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Sad outcome of three heavy Czech glass pieces - packed too loose in a big box - only one survived.

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Recent activity13442 of 201393Hosch Catalog Vase 1918? Tango Lavender Glass No Pontil No mark 12.5 inches high.Advertising
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    Posted 6 months ago

    (179 items)

    This piece of Czech decorative glass was an unusual yellow striped peloton on red spatter bowl or compote and set on a big black glass pedestal foot. Considered as Ruckl by me and with the small white oval mark inside MADE IN CZECHOSLOVAKIA.

    I kept this broken glass item, because the interesting fabrication is substantial, especially the thickness of the bottom of the bowl, where you can see the four layers of glass a quarter of an inch wide or close to a centimetre.

    The black glass pedestal survived somehow. I have mentioned an idea I had several years ago, and I am still pondering it, the advanced preparation production of finials, pedestal, handles in black molded glass, to be applied to hot glass when necessary. This view was not agreed at all with at the time, yet I still think it has merit. In fact, clear glass pontils, feet and handles might also have been made ahead of time either by another glasswork or by the larger producers.

    Why would I come up with such an observation, because if your look closely at black glass finials on the lid of a box by the same company, it has the exact same shape, which seems an added time consuming labor for pieces that are hand tooled with tiny variations.


    1. Bambus1920 Bambus1920, 6 months ago
      Could you illustrate the last paragraph with some actual examples ?
    2. artfoot artfoot, 6 months ago
      Since I had no part in any previous disagreement you may have had over this idea I thought I would add that I tend to agree with you about the bases. It is pretty obvious that the pedestal and disc feet are formed by a totally different process than the blown pieces they are attached to - quite possibly a mechanical process. It would certainly make assembly easier if the parts are handy.
    3. Newfld Newfld, 6 months ago
      I am so sorry you have lost beautiful treasured glass pieces Lisa, it is truly heartbreaking I have done so myself, and I admire your seeing the bright side and letting us all learn from it - thank you for this post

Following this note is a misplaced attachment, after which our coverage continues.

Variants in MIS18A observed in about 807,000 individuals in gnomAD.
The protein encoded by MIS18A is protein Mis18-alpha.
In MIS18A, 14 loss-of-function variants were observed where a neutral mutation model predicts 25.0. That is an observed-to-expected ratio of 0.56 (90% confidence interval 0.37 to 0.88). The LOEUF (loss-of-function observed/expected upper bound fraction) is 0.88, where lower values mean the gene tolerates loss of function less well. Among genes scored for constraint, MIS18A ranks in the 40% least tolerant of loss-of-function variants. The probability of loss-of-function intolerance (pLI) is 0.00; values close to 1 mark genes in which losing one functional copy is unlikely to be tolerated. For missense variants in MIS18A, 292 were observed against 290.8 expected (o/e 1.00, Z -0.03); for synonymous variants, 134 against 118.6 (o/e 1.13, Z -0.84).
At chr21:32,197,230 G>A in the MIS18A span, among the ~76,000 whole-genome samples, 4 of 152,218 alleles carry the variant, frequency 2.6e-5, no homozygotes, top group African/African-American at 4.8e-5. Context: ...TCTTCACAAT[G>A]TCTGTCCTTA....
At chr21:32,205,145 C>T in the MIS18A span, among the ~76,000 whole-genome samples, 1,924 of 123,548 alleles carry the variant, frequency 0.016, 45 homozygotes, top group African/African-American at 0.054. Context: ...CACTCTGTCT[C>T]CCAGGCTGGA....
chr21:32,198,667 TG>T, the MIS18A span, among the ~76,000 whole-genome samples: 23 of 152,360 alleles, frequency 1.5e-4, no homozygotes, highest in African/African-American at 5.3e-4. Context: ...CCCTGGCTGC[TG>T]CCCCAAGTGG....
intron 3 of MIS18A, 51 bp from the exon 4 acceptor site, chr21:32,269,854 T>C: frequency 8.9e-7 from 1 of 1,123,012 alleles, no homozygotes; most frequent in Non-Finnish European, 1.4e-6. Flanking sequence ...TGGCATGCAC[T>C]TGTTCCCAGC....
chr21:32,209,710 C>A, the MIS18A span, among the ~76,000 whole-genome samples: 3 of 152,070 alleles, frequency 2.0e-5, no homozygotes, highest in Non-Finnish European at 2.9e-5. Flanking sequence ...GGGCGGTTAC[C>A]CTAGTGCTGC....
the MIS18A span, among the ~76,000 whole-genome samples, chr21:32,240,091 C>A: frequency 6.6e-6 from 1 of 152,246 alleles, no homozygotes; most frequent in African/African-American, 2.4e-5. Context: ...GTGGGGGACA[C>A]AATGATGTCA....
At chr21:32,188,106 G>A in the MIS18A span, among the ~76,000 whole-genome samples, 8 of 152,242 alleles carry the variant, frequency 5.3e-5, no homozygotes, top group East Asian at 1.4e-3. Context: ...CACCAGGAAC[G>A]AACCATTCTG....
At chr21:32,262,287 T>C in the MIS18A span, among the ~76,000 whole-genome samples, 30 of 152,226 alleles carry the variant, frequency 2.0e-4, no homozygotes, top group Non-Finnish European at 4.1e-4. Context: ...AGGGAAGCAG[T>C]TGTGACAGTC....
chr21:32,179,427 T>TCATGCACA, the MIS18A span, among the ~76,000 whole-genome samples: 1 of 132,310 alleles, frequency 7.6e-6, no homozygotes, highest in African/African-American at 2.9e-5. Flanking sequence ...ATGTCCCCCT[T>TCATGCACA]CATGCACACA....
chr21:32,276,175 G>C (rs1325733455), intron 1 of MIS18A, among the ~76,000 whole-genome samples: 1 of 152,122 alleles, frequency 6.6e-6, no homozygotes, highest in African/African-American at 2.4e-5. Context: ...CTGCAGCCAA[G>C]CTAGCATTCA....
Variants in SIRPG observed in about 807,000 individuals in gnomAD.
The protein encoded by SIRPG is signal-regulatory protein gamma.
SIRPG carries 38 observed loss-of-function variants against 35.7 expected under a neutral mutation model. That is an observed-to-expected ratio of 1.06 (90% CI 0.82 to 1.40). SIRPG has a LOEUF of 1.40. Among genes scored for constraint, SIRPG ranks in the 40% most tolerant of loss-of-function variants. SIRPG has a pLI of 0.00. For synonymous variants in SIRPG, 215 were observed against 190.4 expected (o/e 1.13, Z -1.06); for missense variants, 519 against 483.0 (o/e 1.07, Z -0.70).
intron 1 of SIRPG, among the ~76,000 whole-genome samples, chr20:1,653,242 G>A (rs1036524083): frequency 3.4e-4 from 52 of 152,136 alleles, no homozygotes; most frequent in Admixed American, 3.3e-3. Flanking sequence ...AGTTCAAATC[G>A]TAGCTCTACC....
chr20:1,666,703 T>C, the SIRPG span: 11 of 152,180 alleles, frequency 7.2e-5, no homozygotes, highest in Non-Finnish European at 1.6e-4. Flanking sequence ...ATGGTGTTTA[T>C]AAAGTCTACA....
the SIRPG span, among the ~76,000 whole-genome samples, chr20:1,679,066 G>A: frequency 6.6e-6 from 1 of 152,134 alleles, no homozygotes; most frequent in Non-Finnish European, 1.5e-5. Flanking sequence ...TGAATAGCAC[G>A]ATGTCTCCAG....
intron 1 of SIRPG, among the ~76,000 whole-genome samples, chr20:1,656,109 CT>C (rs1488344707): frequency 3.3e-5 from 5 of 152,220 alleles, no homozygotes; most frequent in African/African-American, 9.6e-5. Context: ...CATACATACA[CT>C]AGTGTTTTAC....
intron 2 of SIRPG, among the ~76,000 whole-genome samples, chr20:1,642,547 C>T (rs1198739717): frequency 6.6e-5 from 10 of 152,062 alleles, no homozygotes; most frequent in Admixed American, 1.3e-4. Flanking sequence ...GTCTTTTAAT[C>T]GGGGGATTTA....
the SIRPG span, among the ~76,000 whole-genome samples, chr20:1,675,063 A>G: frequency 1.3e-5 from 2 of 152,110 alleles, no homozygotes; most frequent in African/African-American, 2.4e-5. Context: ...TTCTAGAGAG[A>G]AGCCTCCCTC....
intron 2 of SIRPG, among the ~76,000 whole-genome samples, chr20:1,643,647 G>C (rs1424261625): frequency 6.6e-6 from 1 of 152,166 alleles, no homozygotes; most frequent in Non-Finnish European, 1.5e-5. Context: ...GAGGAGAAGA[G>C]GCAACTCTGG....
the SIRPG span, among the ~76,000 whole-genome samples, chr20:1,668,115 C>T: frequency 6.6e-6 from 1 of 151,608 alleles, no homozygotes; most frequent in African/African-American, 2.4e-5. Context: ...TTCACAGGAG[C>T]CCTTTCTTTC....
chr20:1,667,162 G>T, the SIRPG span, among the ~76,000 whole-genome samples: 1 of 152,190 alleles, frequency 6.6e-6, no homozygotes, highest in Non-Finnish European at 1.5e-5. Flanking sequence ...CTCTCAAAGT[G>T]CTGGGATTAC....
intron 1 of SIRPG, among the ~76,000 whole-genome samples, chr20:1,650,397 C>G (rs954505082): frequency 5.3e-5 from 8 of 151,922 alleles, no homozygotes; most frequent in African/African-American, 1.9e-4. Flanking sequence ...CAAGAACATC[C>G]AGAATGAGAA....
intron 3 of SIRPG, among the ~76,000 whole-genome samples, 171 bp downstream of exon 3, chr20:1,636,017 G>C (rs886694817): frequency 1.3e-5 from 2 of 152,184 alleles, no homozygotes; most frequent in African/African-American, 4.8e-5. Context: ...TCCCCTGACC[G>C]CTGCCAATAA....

4. truthordare truthordare, 6 months ago
      This was on another post quite a while back, and not even part of the glass topic, just an aside from me. Since the Czechs were frugal in their fabrications due to their slim profit margin, I felt my idea had some merit.

      I might do a post about it, with just finials, and pedestals, Kralik and their tango (one color & black) compotes are good examples.
      I own one, orange and black, they were made in many variations of colors on inside and outside surfaces with black glass pedestal base.

      Thank you, I was upset, this happens with rare pieces, of course. I did appreciate having a close-up look at the cut layers of the glass.
    5. Ivonne Ivonne, 6 months ago
      I'm sorry your lost,Lisa
    6. Brunswick Brunswick, 6 months ago
      The love is for you..not for what occurred. With records, I must be careful as well. So many do not have the correct album in the cover!!

    7. truthordare truthordare, 6 months ago
      Thomas, how sneaky and upsetting. Some people will do and say anything to make a buck. We have a collection here of old 1940s records, the old boy love big band music and he played the clarinet. Artie Shaw was his favorite.

      Much before your time. I was just thinking how our popular music, made such an effect mid to late 2oth century. We were lucky to live and grow older with that in the background. Thanks Thomas.
    8. Brunswick Brunswick, 6 months ago
      Lisa, Artie Shaw was a true musician. His compositions will continue to live on! I do have a few! So much influence did Big Band and Jazz have on what we hear today and alot of rhythm and blues!! Sadly, today, it is hard to find a musician that actually plays anything.

    9. artfoot artfoot, 6 months ago
      After a little review of the processes, it is unlikely that there is a stock pile of knobs and feet waiting for assembly. I've had to re-think this notion. Turns out that hot glass does not act like glue and the parts will only fuse if both are near the same temperature. Trying to join hot to cold results in internal fracturing - not a desirable result. It may not be assembly line efficient but probably more likely that knobs, feet, and pedestals are made and joined concurrently.
    10. truthordare truthordare, 6 months ago
      That was the opinion I heard before about an assembly of previously made glass parts. The thing is, much was applied to the hot glass, once cooled to a degree, and the addition was also of the same temperature.

      There are pieces that had 3 or 4 applications at the same temperature, then put in a long process of cooling, so that the glass would not fracture or break. These heating and reheating glass pieces were not unusual, and the master glass craftsman knew how to achieve this.

      It is an idea, based on the exact replica of the molded finials and pedestals, in the same shape, size and color. Impossible? Not practical? Maybe yes maybe no. We weren't there....
    11. Roycroftbooksfromme1 Roycroftbooksfromme1, 6 months ago
      that the profile pic
    12. truthordare truthordare, 6 months ago
      Thank you CW and the members who participated in this post.

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